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  • Writer's pictureTanja van Hummel

Living in two worlds

I live in two worlds. As a PhD-student, I live in the academic world. As a daughter of a demented father, I am at home in the nursing house where my dad lives; the world of dementia. A bigger contrast between worlds does not exist than between the academic world and the world of dementia. In academics, we build knowledge. In my father’s world, knowledge gets lost all the time. At the office, there is a buzz of what people will do, of dreams about the future, of upcoming events. In the nursing home there is a clock, but the only time I share with my father is ‘now’. Time has lost its meaning. I am in both worlds. How do I merge them into one single life?

Body and Mind

We are humans; body and mind. The philosopher Descartes thought deeply about this dualistic character of human beings, especially about the question of how the body and mind interact with each other. This was, and still is, a huge problem, since the body is material and the mind is spiritual. How can something material interact with something immaterial? The solution Descartes proposed is the pineal gland, which converts the information that is sent between the two worlds. Picturing humans as body and mind provides an analogy to understand how I deal with being in two worlds that do not seem to have any connection with each other.


My mind world is the academic world. I am a PhD-student at the Faculty of Theology and Religious Studies. I research how two Kenyan indigenous communities, which are embedded in their sacred worldview, make sense of climate-induced conflicts. Since this is my first year, my academic hours are dedicated to reading, reading, and reading, and a lot of writing to process all that I have read. My mind is not always in the mood to do this, hence I put structures in place that set me to work.

What do these structures look like? Well, after breakfast, I do some type of physical exercise and then I start work. My working day is divided in time blocks of 2x one-and-a-half hour of focused work, followed by less intense work. On a full working day, I repeat this two times; on days with caring duties, I put in at least 1,5 hour of intense work. This worked pretty well during the COVID-lockdowns, but does not help me that well in the current situation. My motivation is too low, because two worlds in one mind are blurring and exhausting me. So I changed it a bit. After breakfast, I cycle to the train station and travel to my working space. I grab a cup of coffee and start my workday.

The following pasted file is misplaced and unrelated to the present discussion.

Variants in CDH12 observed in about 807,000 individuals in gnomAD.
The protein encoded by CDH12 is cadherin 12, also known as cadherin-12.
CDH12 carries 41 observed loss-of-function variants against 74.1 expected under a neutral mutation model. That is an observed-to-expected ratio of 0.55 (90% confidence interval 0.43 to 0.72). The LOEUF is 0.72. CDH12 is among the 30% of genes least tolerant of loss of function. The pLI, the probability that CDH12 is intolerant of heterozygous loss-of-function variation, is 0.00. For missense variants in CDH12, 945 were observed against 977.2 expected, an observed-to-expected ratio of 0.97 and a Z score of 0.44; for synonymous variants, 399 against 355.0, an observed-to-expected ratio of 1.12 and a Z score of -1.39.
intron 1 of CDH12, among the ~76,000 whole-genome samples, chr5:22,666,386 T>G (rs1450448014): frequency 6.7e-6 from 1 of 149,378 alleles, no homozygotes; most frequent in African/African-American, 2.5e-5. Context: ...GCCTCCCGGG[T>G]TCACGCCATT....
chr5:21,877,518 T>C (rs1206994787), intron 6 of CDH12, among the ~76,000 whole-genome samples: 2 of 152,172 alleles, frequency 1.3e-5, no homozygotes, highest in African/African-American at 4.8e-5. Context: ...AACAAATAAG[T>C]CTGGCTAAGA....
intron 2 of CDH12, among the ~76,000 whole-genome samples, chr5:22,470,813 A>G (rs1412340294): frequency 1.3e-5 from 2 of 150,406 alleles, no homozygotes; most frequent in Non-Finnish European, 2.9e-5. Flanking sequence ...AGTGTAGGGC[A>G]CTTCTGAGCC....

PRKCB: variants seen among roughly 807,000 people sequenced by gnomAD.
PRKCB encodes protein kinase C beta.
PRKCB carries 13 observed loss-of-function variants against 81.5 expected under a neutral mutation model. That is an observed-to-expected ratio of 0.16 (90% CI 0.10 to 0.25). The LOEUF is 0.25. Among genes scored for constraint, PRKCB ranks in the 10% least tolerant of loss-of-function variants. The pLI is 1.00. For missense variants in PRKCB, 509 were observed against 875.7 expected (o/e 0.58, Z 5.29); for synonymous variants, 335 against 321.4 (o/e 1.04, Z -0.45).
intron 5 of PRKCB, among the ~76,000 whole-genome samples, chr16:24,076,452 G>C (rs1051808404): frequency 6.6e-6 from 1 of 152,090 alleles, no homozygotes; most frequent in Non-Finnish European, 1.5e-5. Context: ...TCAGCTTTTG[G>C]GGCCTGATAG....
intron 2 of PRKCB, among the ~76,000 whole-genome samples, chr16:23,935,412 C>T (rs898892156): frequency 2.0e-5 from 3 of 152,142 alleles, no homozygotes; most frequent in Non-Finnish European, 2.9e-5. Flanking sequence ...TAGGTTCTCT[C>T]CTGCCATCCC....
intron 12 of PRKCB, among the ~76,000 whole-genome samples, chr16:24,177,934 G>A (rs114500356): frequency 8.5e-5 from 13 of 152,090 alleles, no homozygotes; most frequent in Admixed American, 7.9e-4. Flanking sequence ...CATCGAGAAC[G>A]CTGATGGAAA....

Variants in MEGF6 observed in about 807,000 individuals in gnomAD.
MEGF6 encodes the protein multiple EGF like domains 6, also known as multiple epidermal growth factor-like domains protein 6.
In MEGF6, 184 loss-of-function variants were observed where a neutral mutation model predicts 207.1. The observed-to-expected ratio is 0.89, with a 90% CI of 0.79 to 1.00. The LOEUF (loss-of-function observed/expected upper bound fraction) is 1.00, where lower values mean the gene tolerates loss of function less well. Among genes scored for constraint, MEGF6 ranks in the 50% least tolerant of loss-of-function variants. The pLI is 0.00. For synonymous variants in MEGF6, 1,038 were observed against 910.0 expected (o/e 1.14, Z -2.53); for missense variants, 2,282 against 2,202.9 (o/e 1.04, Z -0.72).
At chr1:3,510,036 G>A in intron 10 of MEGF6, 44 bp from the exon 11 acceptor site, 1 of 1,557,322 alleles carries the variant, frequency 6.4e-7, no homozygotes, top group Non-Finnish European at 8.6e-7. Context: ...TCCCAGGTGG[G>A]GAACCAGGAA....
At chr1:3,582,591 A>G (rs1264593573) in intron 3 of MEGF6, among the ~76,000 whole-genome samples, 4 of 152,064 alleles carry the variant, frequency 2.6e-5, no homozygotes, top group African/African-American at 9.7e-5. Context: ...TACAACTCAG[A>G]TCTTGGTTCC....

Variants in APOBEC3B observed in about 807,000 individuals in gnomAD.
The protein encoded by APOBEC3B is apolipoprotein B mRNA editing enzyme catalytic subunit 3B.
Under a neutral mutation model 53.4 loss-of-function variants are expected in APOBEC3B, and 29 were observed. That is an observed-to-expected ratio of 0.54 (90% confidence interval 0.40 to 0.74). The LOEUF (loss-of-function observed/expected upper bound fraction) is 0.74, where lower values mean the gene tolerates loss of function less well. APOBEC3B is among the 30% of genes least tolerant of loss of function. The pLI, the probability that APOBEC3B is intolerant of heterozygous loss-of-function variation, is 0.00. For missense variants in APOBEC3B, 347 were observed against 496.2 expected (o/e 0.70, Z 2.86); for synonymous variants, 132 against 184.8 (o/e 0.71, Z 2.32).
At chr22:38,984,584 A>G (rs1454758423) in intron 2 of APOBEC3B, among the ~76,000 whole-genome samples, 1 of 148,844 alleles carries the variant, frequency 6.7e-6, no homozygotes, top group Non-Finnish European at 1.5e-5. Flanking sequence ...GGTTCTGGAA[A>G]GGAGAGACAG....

This travel time turned out to be highly important when living in two worlds. Looking at the landscape that passes by calms down my heated mind. It is a time to grieve, a time to breathe, a time to let go of my thoughts. When I work in Nijmegen, at the Radboud University, I let my needs decide whether I travel back by train, which goes fast, or by bus, which takes longer. But not only the travel time is important, also the places I go to. The campus is the academic world; the train travels between the academic world and the world of dementia.


My body world is the world of the nursing home. With my dad, I cannot have a conversation. Conversations turn into monologues. He tells stories from the past, a past I cannot enter. I tell stories from now, stories that he sometimes grasps, but always gets lost in oblivion. The only way to get into real contact with him is by touching his senses and emotions.

With my dad, I live in a sensational world. On a beautiful afternoon in spring we went for a walk. We stood still at each flower and each tree. My father looked around with the eyes of a child and was amazed by the colors, the shapes and the smells we sensed. His fingers felt the softness of the catkins of the trees, his face expressed disgust after smelling a flower with a really bad smell, and he started to laugh when I tickled him with a leaf.

When I am with my dad, I travel to his world. This is not easy. But that world is not a nasty world to be in. It can be really relaxing, as I discovered during that walk. I am used to walking fast. My dad slowed me down and opened my eyes for all the beauty in nature that surrounds us. Normally, I do not stick my nose in flowers, but now I did. Normally I do not listen that intensely to the singing of the birds, but this time their song touched me deeply. So, though traveling to his world is not easy, being in his world touches my heart.

The Traveling Mind and Body

I live in two different worlds and travel between them. My mind is traveling between worlds while my body is traveling to work and my body is traveling between worlds when my mind searches for my father’s world in the nursing home. The two worlds clash with each other, but, thanks to the time I travel, I have time to switch from one world into the other. And thanks to the structures that I have in place, I stay focused in both worlds. I am a PhD-student and the daughter of a dementing father.


This is the second article about PhD and caring duties. The first article was "Don't lose your mind", which contains tips how to combine work with caring duties and how to address this topic in converstations with your supervisors.


Tanja van Hummel is PhD-student at the Faculty of Theology and Religious Studies. She researches the sacred dimensions of climate change-induced conflicts among indigenous peoples in Kenya. She is also the chief editor of MindMint.


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